In this course, we will explore the rhetorical aspects of social justice writing. As a class, we will critically analyze the strategies and ethics of a diverse range of activists and public intellectuals who use their writing as a form of social critique and to effect social change. Students will develop, negotiate, and revise their own writing strategies and ethics as they write on social justice issues relevant to their interests. Instructor: J. Karega

RHET 205/CHEM 029 - Science & The Perception of Color
The topic of color stands at a unique intersection of the sciences and arts. Beginning with the physics of light and historical development of technologies of color creation for artistic purposes, this course will also address the neuroscience of human color perception and uses in social stratification. Sophomores seeking a continuation of the interdisciplinary emphasis on learning and communication skills found in the First Year Seminar Program will especially benefit from taking this course. Field trips required. Instructors: A. Williams & J. Cooper

RHET 401 (-01 & -02) - Teaching and Tutoring Writing Across the Disciplines
In this course, students study composition theory and pedagogy and at the same time learn to work with with their peers on writing in either the writing center or in a writing-intensive/writing-advanced course offered in various disciplines. In the process of helping to educate others, students work toward a fuller understanding of their own educational experiences, particularly in writing. Instructor: L. Podis; L. McMillin

Practica


These courses offer students a chance to gain practical experience in writing either by working with an approved student publication or by developing a grant or fellowship application.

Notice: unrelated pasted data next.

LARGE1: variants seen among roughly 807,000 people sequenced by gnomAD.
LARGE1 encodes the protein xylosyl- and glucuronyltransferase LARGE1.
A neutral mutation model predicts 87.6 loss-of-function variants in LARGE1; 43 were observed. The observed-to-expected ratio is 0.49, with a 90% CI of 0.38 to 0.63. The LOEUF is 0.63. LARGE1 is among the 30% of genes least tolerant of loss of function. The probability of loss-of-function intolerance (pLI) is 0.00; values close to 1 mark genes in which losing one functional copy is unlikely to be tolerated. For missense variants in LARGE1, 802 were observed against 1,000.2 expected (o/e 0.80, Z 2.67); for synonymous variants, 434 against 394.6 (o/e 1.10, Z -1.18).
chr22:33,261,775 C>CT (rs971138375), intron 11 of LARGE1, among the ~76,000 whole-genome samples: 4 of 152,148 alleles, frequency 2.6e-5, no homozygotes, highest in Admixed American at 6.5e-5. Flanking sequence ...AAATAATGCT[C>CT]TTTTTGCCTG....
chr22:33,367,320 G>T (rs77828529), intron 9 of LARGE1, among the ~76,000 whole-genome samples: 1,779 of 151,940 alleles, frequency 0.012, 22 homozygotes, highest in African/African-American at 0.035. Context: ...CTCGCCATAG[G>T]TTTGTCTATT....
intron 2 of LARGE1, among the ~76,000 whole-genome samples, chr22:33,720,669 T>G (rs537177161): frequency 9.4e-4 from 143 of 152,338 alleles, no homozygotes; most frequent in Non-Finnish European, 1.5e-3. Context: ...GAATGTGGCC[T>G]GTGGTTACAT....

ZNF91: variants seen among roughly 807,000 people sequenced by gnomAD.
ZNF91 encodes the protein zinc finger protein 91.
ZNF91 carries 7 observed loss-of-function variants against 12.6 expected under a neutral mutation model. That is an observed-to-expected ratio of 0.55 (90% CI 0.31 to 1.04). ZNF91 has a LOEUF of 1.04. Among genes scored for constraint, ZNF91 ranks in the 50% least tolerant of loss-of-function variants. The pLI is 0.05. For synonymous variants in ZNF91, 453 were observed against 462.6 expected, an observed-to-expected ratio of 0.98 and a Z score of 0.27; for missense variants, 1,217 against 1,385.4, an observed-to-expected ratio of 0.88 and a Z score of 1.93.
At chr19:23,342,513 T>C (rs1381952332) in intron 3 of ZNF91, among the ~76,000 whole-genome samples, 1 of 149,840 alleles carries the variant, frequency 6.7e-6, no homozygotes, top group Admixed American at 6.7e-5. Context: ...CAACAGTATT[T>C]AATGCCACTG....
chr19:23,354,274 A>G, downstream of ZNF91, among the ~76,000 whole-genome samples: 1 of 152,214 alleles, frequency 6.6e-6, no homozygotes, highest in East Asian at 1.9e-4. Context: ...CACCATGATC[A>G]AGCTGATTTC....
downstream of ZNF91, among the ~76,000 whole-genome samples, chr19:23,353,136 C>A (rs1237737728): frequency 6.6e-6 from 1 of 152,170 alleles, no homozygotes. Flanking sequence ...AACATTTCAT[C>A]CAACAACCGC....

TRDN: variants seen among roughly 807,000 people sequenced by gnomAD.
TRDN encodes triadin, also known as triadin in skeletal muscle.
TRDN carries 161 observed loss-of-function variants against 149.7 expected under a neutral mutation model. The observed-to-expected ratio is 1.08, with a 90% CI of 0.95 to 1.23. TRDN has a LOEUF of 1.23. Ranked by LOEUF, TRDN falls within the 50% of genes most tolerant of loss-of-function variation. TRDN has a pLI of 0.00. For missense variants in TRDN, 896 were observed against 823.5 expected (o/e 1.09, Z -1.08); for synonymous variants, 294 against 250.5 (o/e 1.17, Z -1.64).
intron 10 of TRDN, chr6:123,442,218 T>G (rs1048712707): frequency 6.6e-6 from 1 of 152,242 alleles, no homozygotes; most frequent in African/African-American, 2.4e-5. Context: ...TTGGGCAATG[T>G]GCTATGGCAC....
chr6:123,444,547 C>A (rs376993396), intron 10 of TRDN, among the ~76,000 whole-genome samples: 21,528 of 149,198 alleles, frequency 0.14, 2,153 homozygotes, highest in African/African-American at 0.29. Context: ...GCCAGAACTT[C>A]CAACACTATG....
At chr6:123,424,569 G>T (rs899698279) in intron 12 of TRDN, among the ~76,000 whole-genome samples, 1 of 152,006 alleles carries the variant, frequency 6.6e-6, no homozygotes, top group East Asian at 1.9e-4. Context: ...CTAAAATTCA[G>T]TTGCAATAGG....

RTCP 107 - Practicum in Journalism
Through this course students earn academic credit working for an approved journalistic publication on campus. The course does not meet as a class, but students are expected to attend all required staff meetings and fulfill the assignments made by their editors. Students can earn a maximum of four hours credit toward graduation (a maximum of six hours credit for editors).  Instructor: L. McMillin


SPRING 2016

Writing Courses for First-and Second-Year Students


For first- or second-year students seeking an introduction to college writing. These courses focus on a variety of topics, but they all offer substantial attention to the process of writing and to critical thinking and reading. Many sections are interdisciplinary and employ a workshop/discussion format. Especially recommended for first- and second-year students who do not feel prepared to take other Writing Certification or Writing Intensive courses across the curriculum.

RHET 103 - College Writing: Motives and Methods
In this course students explore their writing processes, learn how to read more critically, write in a variety of forms and develop research skills. The class serves as a writing community in which to discuss essays and writing strategies and share written work. Assignments are designed to challenge students and involve them in the kinds of reading, writing, and research that will serve them well at Oberlin and in their lives outside the college. Instructor: N. Boutilier

RHET 104 - College Writing and Beyond: Negotiating Language, Culture and Power  
In this course, students will work to create meaning and knowledge through reading and writing as they negotiate issues of language, culture, and power. Students will explore the challenges and possibilities of using multiple language and cultural resources when writing for diverse purposes and audiences. Assignments are also designed to prompt students to think critically and analytically about language use and writing strategies. Instructor: J. Karega

Writing Courses for Students Beyond the First Year


Rhetoric and Composition courses at the 200-level are intended for students beyond the first year who are interested in improving their writing skills. Issues in disciplinary discourses and composing and revising for a range of writing tasks are emphasized through frequent writing assignments, class discussions, and writing workshops. First-year students may enroll in these courses only by special consent of the instructor.

RHET 201 - Writing in the Sciences
A course designed for students interested in developing their composing/revising skills for writing in natural science and mathematics disciplines or interpreting science topics for readers of general science issues.  Instructor: J. Cooper

RHET 204 - Writing for Social Justice